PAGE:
About the Delta
While the region is known for its waterway configuration, the Delta is also unique for its fertile soils. The soils range from peat to mineral. The peat soils are the remnants of decomposed tule marshes, and the mineral soils are the result of alluvial deposits from waterways. These soils were reclaimed in the mid- to late-1800's when levees were constructed to contain water within channels, allowing "islands" to be farmed.
The area of the Delta is approximately 738,000 acres (DWR, 2008). The majority of this area – over 500,000 acres – is agricultural land spread over five counties: San Joaquin, Sacramento, Yolo, Solano, and Contra Costa. Food, fiber, and forage are grown in the Delta.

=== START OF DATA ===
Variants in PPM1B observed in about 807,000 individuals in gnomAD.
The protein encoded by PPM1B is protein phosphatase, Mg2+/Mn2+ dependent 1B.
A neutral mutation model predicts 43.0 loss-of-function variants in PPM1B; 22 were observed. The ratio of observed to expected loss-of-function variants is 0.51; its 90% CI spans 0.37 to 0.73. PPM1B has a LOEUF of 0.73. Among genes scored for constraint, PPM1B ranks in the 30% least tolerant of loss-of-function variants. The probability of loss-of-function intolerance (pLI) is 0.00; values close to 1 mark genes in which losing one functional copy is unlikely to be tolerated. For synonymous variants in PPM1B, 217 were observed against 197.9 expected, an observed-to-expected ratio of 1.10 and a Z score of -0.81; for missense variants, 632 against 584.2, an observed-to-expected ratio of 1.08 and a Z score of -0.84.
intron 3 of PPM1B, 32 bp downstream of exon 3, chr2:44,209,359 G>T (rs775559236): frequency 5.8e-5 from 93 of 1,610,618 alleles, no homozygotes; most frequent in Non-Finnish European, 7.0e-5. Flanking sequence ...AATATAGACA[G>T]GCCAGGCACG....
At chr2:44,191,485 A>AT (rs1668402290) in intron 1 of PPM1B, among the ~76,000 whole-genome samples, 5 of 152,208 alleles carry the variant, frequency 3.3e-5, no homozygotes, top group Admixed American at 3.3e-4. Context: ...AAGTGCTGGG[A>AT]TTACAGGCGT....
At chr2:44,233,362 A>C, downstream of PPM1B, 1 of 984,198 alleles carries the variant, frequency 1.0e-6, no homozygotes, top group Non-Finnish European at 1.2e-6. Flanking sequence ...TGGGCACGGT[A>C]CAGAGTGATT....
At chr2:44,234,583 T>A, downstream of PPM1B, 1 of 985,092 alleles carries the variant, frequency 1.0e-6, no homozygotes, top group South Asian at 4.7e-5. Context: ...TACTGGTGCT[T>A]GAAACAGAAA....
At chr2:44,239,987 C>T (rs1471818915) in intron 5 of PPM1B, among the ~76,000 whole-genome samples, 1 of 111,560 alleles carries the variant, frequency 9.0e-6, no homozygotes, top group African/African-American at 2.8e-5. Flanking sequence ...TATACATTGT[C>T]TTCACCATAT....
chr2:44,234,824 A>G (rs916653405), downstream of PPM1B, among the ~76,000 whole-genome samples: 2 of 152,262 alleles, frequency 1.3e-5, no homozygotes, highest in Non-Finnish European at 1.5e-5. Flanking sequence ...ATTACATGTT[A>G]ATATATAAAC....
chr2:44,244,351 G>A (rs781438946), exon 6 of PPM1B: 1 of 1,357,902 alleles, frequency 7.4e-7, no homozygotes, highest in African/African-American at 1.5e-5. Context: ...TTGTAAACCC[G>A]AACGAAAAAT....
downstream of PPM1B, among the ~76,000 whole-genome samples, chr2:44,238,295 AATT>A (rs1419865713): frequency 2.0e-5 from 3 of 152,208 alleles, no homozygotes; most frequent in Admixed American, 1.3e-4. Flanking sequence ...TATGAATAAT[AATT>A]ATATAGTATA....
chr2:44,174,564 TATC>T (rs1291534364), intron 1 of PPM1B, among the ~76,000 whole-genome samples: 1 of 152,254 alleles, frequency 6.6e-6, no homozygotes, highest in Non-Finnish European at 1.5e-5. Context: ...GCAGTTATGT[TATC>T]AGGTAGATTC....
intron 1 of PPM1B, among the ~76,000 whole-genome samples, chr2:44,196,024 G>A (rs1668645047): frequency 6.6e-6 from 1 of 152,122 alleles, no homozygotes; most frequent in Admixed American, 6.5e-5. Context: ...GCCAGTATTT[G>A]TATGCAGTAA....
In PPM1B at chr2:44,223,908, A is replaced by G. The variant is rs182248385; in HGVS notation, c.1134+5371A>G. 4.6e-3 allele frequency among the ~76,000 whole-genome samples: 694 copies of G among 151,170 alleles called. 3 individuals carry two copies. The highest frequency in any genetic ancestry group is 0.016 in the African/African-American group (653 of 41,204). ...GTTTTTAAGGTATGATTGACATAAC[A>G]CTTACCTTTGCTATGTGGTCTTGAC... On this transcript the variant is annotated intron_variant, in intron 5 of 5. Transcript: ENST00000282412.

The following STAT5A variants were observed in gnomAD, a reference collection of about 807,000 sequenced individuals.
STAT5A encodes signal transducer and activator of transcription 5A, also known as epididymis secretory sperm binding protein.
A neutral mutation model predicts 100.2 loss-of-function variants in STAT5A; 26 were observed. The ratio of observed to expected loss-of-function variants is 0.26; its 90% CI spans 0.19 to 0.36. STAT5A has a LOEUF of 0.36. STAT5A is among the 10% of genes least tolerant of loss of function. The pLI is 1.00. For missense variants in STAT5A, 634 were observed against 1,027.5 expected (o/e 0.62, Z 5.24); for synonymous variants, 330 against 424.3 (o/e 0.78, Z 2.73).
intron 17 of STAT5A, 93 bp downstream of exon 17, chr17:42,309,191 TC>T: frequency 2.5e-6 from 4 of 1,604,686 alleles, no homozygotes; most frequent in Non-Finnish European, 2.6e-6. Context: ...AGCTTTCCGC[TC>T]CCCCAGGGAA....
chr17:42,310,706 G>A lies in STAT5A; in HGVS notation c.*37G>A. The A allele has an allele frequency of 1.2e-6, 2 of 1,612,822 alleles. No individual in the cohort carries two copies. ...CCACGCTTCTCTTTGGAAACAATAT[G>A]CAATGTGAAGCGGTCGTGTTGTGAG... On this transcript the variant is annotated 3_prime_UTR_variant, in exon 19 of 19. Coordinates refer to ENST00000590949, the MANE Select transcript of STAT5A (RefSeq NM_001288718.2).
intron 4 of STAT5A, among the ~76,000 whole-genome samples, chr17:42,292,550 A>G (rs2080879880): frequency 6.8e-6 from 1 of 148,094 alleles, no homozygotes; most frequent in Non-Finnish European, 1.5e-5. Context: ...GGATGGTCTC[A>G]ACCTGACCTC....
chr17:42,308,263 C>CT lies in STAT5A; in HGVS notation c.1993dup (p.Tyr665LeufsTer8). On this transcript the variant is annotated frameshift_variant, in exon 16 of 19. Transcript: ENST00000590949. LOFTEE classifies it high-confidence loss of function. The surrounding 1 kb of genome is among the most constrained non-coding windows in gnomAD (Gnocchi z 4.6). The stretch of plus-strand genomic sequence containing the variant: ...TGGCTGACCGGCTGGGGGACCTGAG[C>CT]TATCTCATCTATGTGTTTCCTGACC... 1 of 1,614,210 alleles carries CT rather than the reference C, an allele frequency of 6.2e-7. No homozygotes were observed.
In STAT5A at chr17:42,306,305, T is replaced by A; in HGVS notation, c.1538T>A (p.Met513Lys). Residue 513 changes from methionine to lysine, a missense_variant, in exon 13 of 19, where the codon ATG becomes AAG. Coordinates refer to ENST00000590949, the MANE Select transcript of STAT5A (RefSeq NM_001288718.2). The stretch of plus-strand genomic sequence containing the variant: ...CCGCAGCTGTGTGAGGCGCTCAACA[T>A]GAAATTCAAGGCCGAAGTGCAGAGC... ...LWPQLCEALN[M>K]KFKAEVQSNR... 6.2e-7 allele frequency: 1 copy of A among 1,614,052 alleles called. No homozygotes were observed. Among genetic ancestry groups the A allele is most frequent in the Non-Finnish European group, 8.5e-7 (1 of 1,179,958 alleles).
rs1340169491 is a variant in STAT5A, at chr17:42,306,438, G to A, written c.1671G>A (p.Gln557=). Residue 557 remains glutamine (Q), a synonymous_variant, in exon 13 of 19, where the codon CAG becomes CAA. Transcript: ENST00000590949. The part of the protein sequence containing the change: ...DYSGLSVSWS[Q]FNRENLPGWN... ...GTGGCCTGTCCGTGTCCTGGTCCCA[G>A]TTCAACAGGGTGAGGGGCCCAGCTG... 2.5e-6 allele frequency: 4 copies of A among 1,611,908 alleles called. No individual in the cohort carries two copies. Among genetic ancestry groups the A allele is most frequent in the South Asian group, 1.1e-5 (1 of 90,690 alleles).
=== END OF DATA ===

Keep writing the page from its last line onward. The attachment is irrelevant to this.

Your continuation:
See the Delta Crops Calendar for the timing of operations for these Delta crops: alfalfa, asparagus, corn, processing tomatoes, safflower, and winter cereals.
In 2012, over 100 crops were grown in the Delta. The top crops by acreage were:
- Corn for grain and forage (98,000 acres)
- Alfalfa (72,900)
- Wheat (43,100)
- Wine grape (32,800)
- Processing tomato (28,500)
- Safflower (11,800)
- Asparagus (8,500)
- Almond (8,300)
- Rice (6,900)
- Oat (5,700)
Other important Delta crops are sweet corn, other forages, pear, walnut, dry beans, cherry, barley, and potato. Each of these will be planted on over 3,000 acres. (The acreage was estimated using data from the agricultural commissioners of the five-county Delta region.)